Are UK storms becoming more common?

How many storms is normal for the UK and Ireland?

A pilot scheme is underway in the UK and Ireland to name storms that are forecast to have substantial impacts.  Storms have been named since October 2015, with the aim of increasing public awareness of severe weather, and improving safety – the theory being that a named storm makes it easier for the public to tracks its progress, and to share information on social media.

UK Met Office says that ‘for a storm to be named, it must be forecast to have a medium or high impact from strong winds in the UK’ (see UK Met Office storm page ). Met Éireann go into more detail: for an orange or red weather warning to be issued, the forecasts need to be for wind gusts between 68-80 mph and >80 mph respectively  (see Met Eireann storm warning explanation).

Since November 2015, nine storms have been named and the UK media have started asking if naming the storms makes us think they are worse and/or more numerous than ‘normal’ (e.g. BBC article).  Using historical data (assimilated archived observational data) and very short range (up to 9 hour) forecasts, we take a look at what a ‘normal’ storm year looks like for the UK and Ireland.

Storm criteria

First we define the area in which we look for storms, as shown in Figure 1 below

LSC area designated as UK storm region

Figure 1:  LSC area designated as UK storm region.  Source of chart: GISS, NOAA

Next, we consider the storm criterion of 10m wind gusts > 68mph.   The ECMWF historical and forecast data set we are using is at a lower resolution than the observations UK Met Office and Met Éireann have access to, which is likely to make the maximum wind gusts we find slightly lower than actually observed (see EWEA pdf presentation).  We therefore adjust the criteria slightly, to >60mph 10m wind gusts.  These criterion picks out the storms named between Oct-Dec 2015 (and only the named storms), as shown in figure 2 below.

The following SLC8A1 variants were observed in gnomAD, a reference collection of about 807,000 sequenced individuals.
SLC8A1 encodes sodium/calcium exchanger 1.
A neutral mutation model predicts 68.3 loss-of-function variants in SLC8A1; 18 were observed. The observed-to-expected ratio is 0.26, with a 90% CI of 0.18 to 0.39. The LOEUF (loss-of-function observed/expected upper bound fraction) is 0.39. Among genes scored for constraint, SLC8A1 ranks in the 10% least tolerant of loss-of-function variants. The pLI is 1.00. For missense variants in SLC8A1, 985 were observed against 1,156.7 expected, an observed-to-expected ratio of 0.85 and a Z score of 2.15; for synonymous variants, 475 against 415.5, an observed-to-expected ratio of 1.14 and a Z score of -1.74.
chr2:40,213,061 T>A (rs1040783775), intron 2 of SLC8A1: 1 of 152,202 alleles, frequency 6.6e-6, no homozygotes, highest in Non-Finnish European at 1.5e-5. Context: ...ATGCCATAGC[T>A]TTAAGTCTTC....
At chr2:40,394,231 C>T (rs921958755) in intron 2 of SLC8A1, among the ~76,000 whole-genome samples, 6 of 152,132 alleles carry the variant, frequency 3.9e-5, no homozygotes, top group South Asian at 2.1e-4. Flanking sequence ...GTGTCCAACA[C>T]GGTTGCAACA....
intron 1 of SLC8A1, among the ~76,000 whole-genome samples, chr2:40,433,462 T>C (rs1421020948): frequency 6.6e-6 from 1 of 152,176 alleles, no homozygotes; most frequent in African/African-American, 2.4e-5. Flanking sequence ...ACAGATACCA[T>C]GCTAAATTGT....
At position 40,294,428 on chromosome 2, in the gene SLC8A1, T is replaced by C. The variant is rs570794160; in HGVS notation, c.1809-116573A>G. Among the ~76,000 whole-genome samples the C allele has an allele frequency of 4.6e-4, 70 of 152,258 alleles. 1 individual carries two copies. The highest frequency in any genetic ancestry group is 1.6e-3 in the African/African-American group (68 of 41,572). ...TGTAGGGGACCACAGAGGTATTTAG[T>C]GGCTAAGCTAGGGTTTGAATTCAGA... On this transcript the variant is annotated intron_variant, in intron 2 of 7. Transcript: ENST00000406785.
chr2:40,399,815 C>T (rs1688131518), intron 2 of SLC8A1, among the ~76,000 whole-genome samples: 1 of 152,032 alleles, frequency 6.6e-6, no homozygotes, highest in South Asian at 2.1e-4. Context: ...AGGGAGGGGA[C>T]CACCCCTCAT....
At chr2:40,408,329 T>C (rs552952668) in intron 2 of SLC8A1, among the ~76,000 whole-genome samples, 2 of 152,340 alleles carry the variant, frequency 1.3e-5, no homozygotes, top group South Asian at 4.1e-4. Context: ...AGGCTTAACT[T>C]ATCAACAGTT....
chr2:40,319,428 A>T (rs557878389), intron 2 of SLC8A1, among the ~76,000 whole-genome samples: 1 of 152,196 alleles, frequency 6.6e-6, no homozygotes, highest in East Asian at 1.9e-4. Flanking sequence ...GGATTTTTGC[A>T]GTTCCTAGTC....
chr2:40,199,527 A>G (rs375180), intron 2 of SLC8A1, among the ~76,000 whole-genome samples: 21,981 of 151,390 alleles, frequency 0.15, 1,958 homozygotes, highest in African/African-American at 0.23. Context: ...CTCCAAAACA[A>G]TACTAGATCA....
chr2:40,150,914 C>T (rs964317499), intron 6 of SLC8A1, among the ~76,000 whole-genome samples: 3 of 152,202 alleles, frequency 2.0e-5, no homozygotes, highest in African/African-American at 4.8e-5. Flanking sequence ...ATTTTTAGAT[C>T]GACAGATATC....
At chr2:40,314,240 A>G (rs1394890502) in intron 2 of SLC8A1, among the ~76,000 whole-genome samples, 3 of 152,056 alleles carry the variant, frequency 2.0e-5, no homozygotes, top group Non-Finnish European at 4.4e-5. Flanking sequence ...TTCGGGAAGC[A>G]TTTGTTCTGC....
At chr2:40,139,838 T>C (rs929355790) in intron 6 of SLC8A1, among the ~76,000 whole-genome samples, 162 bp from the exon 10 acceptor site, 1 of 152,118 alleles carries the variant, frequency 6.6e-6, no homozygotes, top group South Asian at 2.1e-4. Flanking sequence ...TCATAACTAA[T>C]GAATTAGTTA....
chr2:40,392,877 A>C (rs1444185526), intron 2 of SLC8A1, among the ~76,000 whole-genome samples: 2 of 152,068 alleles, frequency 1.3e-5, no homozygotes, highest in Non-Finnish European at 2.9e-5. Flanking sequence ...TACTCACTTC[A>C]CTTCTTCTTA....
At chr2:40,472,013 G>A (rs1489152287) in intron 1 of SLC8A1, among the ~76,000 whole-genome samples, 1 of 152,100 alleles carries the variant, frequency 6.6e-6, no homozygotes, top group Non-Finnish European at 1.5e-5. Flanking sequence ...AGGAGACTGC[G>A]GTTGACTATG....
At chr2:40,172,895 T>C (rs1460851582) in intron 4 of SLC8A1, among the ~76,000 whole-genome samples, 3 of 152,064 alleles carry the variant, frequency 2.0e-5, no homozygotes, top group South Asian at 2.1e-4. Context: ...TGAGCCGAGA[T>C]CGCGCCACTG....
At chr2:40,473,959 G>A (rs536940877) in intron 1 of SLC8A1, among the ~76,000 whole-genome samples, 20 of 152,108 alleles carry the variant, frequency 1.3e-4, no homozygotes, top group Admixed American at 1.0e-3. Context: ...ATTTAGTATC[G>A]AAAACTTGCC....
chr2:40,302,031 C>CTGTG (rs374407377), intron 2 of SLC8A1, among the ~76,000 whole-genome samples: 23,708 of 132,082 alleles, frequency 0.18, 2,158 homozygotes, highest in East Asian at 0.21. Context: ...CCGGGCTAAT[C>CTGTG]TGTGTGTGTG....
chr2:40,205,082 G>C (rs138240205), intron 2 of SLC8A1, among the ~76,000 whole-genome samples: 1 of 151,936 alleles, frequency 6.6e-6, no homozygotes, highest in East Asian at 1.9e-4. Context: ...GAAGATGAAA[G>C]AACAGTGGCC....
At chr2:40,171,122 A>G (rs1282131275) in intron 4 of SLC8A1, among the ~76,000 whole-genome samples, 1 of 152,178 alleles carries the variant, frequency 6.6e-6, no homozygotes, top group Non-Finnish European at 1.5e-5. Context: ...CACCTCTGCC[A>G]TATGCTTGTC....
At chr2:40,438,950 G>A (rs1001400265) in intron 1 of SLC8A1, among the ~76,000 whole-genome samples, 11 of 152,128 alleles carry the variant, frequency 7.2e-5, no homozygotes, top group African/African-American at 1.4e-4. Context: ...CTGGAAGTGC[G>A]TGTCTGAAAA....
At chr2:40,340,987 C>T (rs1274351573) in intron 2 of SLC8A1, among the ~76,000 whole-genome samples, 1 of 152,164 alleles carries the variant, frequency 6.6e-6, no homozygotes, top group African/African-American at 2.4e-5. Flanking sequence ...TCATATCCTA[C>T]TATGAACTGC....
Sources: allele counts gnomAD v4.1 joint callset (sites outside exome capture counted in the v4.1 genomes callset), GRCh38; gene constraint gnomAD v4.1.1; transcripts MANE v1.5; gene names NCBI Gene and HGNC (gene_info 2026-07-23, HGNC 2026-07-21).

2015 storms as detailed by UK Met Office, and by the LSC estimate from forecasts

Figure 2: 2015 storms as detailed by UK Met Office, and by the LSC estimate from forecasts

The onset of storms according to our criteria is often a day earlier than the Met Office reports, likely due to our search region extending further west and out to sea.  This does not, however, impact the number of storms.

Figure 2 also shows that forecasts of maximum wind gusts are not that reliable.  Mean sea level pressure (mslp) in a low pressure system associated with a storm is usually lower than normal.  Looking at the named storms so far, then requiring mslp < 980mb looks to be a reasonable additional criterion.

Historical ‘normal’ storm frequency

Defining a storm year as September through August, and using data from September 1980 through August 2015, we identify how many times there are wind gusts > 60mph and mslp < 980mb.  Storms are classified as independent if more than 48 hours elapses between these criteria being met.  A total of 349 storms have reached the LSC ‘storm’ criteria for the UK and Ireland over these 35 ‘storm years’, averaging at just under 10 storms a year.

94% of the storms occur between September and March, with figure 3 showing the month within year profile.

Figure 3: average UK storms per month

Figure 3: average UK storms per year, by month

Figure 4 below shows that the storm frequency by storm year.  2015-2016 is, so far, by no means out of the ordinary.

Figure 4: number of estimated UK storms by year since 1980

Figure 4: number of estimated UK storms by year since 1980